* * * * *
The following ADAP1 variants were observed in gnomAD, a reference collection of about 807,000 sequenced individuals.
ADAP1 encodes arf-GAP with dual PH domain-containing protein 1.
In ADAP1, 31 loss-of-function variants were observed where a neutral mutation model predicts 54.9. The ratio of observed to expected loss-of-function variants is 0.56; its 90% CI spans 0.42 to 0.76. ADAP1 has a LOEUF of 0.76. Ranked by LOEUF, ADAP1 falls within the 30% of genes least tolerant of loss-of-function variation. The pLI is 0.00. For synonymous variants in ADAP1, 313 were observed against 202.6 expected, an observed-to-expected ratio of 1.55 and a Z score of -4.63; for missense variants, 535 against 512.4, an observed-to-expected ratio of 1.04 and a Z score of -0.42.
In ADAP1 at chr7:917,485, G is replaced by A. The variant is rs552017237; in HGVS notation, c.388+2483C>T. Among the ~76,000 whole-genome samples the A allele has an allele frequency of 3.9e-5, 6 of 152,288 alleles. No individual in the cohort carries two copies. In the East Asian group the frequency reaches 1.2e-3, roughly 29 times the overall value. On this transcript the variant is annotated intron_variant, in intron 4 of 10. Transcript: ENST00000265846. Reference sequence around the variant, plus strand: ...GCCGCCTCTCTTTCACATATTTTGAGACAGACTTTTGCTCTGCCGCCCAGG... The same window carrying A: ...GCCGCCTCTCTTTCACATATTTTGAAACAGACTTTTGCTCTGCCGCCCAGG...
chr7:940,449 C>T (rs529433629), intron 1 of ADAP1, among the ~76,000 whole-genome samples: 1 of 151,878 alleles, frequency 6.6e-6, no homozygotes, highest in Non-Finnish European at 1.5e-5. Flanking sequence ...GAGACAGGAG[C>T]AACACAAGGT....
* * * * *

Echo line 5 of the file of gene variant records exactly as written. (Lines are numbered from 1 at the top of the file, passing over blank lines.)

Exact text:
chr7:940,449 C>T (rs529433629), intron 1 of ADAP1, among the ~76,000 whole-genome samples: 1 of 151,878 alleles, frequency 6.6e-6, no homozygotes, highest in Non-Finnish European at 1.5e-5. Flanking sequence ...GAGACAGGAG[C>T]AACACAAGGT....